Having had a Nikon Z 6 on loan for an extended period, I’m reluctant to return it. While no single camera is the perfect answer for every photographer in every situation, this one addresses many of my needs, and, I think, would probably address many of yours.
I was sorely tempted to purchase a Nikon D5 as my next upgrade, but its weight, cost, somewhat undersized 20.8-megapixel sensor, and sound level deterred me. The Nikon Z 6 solves these issues while providing nearly all the benefits of the D5.
When I unpacked the Z 6 and mounted the Nikkor Z 24-70mm f/4 S lens, the system felt right in my hand. Compact and light with a grippy raised extension for my thumb, it was everything I expected a mirrorless camera to be. It was when I was tracking birds with a handheld AF-S Nikkor 200-500mm f/5.6E ED VR lens with the FTZ adapter that I realized how well designed the Z 6 body is for a huge range of situations.
The Z 6, both with Z-series and F-series lenses, delivers outstanding image quality. Maybe it’s a placebo effect, but I swear the captures I made with my F-series lenses, even those dating back to the 1970s, look better from the Z 6 than they ever have before. Images from my old 16mm full-frame fisheye have never looked better.
Color is natural, with the slight Nikon bias to warm tones. Dynamic range is outstanding, even extending into the high ISOs. Exposure is biased to capturing highlight information, but the dynamic range leaves plenty of space to bring up noise-free shadow.
Image quality from the Z 6 raw files is impressive, especially when processed in Nikon Capture NX-D software. I think part of this has to do with the initial unavailability of software to process Z 6 raw files from Adobe, Capture One, Luminar, or DxO. I tested Nikon Capture NX-2 software a while back and felt it produced the highest-quality TIFF files from Nikon NRW raw files, but I disliked the workflow so much I settled on Capture One for my important work and Adobe software for everything else. My opinion hasn’t changed much.
Raw files from the Z 6 are visibly better after processing in Capture NX-D than in Adobe products, and they take less effort. Capture NX-D performs its magic when you first open the raw file. Most will look nearly perfect. Captures appear as good or better than they looked in camera. Noise is automatically reduced at all exposures, and the files look cleaner than manually reducing the luminance and color noise in Adobe Photoshop Lightroom.
Along with the Nikon Z 6, I was able to test the full complement of available Z-series lenses: the Nikkor Z 24-70mm f/4 S, Nikkor Z 35mm f/1.8 S, and Nikkor Z 50mm f/1.8 S. Each is compact and lightweight. Image quality is excellent. Particularly impressive is the image sharpness of the prime lenses at maximum aperture.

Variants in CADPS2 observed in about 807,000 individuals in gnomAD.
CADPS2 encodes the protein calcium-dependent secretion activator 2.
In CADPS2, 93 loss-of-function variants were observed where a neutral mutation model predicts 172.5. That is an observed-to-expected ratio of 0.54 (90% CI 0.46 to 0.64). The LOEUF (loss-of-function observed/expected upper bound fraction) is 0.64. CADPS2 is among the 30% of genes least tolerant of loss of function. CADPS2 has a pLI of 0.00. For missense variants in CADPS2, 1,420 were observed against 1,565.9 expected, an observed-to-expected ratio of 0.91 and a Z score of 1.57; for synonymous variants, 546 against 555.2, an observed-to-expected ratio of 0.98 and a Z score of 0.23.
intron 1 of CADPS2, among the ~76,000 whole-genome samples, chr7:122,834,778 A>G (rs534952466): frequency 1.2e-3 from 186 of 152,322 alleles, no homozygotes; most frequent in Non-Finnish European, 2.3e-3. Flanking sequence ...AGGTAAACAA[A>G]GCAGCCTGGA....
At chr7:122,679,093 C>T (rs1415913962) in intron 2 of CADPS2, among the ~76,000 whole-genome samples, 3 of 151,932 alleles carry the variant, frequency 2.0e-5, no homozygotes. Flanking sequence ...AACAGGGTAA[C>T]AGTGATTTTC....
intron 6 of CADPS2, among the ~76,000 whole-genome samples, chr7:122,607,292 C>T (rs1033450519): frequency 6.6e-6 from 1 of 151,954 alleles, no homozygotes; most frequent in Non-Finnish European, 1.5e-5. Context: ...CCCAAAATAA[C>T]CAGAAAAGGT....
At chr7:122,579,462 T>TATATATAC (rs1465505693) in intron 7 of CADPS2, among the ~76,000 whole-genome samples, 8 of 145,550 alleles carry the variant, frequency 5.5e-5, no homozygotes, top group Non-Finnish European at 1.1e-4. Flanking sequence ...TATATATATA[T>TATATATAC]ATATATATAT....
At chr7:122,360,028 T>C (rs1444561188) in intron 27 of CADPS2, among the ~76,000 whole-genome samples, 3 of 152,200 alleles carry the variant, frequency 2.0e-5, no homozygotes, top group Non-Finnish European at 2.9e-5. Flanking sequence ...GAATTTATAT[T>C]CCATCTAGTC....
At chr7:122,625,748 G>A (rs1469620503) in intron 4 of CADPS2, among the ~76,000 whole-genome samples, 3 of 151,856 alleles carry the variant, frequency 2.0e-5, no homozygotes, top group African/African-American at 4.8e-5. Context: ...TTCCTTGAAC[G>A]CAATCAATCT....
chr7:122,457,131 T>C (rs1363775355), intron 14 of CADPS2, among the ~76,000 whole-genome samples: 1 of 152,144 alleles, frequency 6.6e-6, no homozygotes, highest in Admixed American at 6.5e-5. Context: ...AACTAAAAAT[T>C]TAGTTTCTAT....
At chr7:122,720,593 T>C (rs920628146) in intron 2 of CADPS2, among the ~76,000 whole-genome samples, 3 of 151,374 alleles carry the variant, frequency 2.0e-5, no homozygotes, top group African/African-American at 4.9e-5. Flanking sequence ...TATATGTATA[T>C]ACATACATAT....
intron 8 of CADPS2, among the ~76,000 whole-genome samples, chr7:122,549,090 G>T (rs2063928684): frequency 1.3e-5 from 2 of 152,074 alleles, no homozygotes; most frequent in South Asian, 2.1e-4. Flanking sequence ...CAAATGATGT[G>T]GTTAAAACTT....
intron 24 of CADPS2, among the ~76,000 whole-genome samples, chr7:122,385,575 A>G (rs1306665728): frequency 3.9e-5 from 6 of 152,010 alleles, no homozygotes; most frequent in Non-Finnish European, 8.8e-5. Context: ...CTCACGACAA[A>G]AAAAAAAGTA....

The 24-70mm I primarily used had one design feature I could live without. To keep the lens as compact as possible and to prevent lens creep during transport, Nikon designed it to retract into itself when not in use. When you turn the camera on, a warning reminds you to extend the lens for use. I’d prefer a slightly longer lens or no warning.
While I’m not a videographer, I did capture some video sequences. For video, the Z 6 is even more capable than the Z 7. The Z 6 offers full-frame uncropped 4K video downsampled from oversampled 6K, which is the best way to achieve the sharpest video. It’s also possible to capture 10-bit video to an external recorder through HDMI with Nikon N-Log output for extended dynamic range. The new Z lenses have silent autofocus and reduced focus shift when zooming. And in-body image stabilization makes handheld video an attractive possibility. My minimal video testing produced impressive results.
To Nikon’s credit, no new battery is required, although one is available. You can power the Z 6 with existing EN-EL 15/15a batteries from your D750, D800, etc. There’s a new EN-EL 15b battery that, coupled with the EH-7p AC charging adapter, allows you to charge the battery in camera. My battery-shaped AC power adapter from my D800 also works in the Z 6, another thoughtful carryover.
And battery life is an issue with the Z 6, as it is with all mirrorless cameras. While I achieved more than the specified 310 captures per charge, a 3-hour wedding and reception I photographed finished with just over 700 captures and two completely dead batteries. A two-hour ballet performance produced the same result. It’s not your DSLR battery performance. The upcoming Z-series battery grip will add a second battery along with additional weight and bulk.
There are fewer controls on the back of the body than on a Nikon DSLR, but they’re adequate and well placed. A single i button brings up a set of 12 customizable settings that provide quick access to appropriate options available for photo mode, movie mode, and playback.
The Multi Selector navigates menus (although the touchscreen is faster), and the Sub-selector joystick (a carryover from previous Nikons) is for selecting a focus point from the 273 available in Single-point AF mode, covering 90 percent of the frame. While there are fewer focus points in the Z 6 than the Z 7, it’s a pleasure to have the viewfinder so well covered, in contrast to the limited coverage on a DSLR. Pressing the Sub-selector locks focus, exposure, or both depending on the focus mode.